Фримовые - Phrymaceae 8/26/10—6/25/23
Phrymaceae, also known as the lopseed family, is a small family of flowering plants in the order Lamiales. It has a nearly cosmopolitan distribution, but is concentrated in two centers of diversity, one in Australia, the other in western North America. Members of this family occur in diverse habitats, including deserts, river banks and mountains.
Phrymaceae is a family of mostly herbs and a few subshrubs, bearing tubular, bilaterally symmetric flowers. They can be annuals or perennials. Some of the Australian genera are aquatic or semiaquatic. One of these, Glossostigma, is among the smallest of flowering plants, larger than the aquatic Lemna but similar in size to the terrestrial Lepuropetalon. The smallest members of Phrymaceae are only a few centimeters long, while the largest are woody shrubs to 4 m tall. The floral structure of Phrymaceae is variable, to such an extent that a morphological assessment is difficult. Reproduction is also variable, being brought about by different mating systems which may be sexual or asexual, and may involve outcrossing, self-fertilization, or mixed mating. Some are pollinated by insects, others by hummingbirds. The most common fruit type in this family is a dehiscent capsule containing numerous seeds, but exceptions exist such as an achene, in Phryma leptostachya, or a berry-like fruit in Leucocarpus.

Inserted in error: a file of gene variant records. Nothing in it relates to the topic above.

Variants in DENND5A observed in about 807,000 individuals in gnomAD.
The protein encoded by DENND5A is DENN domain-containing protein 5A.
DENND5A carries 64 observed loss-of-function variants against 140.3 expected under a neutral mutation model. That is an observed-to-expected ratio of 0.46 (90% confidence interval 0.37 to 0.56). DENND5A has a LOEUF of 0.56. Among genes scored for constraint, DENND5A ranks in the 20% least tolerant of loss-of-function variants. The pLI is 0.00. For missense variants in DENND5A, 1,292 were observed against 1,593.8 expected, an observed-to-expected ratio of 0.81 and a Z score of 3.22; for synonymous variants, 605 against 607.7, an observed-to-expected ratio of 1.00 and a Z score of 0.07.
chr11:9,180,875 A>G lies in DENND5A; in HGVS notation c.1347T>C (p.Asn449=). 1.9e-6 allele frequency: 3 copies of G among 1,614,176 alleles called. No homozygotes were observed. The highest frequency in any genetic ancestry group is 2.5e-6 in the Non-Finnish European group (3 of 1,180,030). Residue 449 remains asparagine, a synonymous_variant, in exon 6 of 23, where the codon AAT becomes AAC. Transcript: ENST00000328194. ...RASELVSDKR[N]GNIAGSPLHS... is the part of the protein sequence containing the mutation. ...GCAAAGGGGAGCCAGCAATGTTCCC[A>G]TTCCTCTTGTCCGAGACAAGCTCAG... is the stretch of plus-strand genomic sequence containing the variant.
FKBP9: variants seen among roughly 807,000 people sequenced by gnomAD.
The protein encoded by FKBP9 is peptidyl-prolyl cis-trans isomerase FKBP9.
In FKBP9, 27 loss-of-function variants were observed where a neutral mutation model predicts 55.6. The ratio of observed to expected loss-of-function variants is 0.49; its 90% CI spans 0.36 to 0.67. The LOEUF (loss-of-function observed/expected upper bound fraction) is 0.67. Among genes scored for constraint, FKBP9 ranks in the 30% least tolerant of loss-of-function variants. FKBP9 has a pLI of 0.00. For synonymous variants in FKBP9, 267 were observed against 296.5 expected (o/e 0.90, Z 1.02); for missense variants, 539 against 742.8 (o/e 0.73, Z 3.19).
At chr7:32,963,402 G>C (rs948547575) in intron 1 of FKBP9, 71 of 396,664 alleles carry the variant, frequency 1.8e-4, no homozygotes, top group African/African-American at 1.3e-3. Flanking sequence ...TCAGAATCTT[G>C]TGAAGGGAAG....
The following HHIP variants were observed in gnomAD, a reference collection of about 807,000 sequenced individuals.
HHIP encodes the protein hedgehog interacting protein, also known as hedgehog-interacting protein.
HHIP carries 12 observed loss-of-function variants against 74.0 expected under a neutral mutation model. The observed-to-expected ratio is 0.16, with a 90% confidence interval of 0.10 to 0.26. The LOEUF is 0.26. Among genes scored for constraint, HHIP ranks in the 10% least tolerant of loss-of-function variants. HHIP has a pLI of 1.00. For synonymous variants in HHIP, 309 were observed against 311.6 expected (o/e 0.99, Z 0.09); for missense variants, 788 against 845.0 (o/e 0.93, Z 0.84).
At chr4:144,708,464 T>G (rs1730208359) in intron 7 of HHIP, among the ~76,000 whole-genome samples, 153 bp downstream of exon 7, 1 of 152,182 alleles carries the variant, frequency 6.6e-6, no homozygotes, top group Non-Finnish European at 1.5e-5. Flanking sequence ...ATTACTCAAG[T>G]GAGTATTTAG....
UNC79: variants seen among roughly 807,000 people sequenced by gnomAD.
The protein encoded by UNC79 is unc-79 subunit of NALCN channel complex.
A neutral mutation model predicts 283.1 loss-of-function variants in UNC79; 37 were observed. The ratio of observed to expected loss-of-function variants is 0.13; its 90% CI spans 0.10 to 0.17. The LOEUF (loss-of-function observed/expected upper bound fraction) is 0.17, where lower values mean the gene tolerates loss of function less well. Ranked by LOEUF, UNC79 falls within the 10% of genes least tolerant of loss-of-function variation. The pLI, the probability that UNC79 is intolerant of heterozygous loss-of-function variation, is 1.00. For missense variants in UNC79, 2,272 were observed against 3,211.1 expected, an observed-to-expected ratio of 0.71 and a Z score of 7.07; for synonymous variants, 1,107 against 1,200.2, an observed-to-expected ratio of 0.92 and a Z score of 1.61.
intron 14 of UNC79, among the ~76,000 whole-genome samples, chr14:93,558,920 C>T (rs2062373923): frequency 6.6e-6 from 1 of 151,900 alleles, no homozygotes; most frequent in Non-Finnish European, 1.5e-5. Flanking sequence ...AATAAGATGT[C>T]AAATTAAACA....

About 16 species are in cultivation. They are known horticulturally as "Mimulus" and were formerly placed in the genus Mimulus when it was defined broadly to include about 150 species. Mimulus, as a botanical name, rather than a common name or horticultural name, now represents a genus of only seven species. Most of its former species have been transferred to Diplacus or Erythranthe. Six of the horticultural species are of special importance. These are Diplacus aurantiacus, Diplacus puniceus, Erythranthe cardinalis, Erythranthe guttata, Erythranthe lutea, and Erythranthe cuprea.
Phrymaceae has recently become a model system for evolutionary studies.
Within the order Lamiales, Phrymaceae is a member of an unnamed clade of five families. Two of these families, Mazaceae and Rehmanniaceae are not part of the APG III system. They were not formally validated until 2011.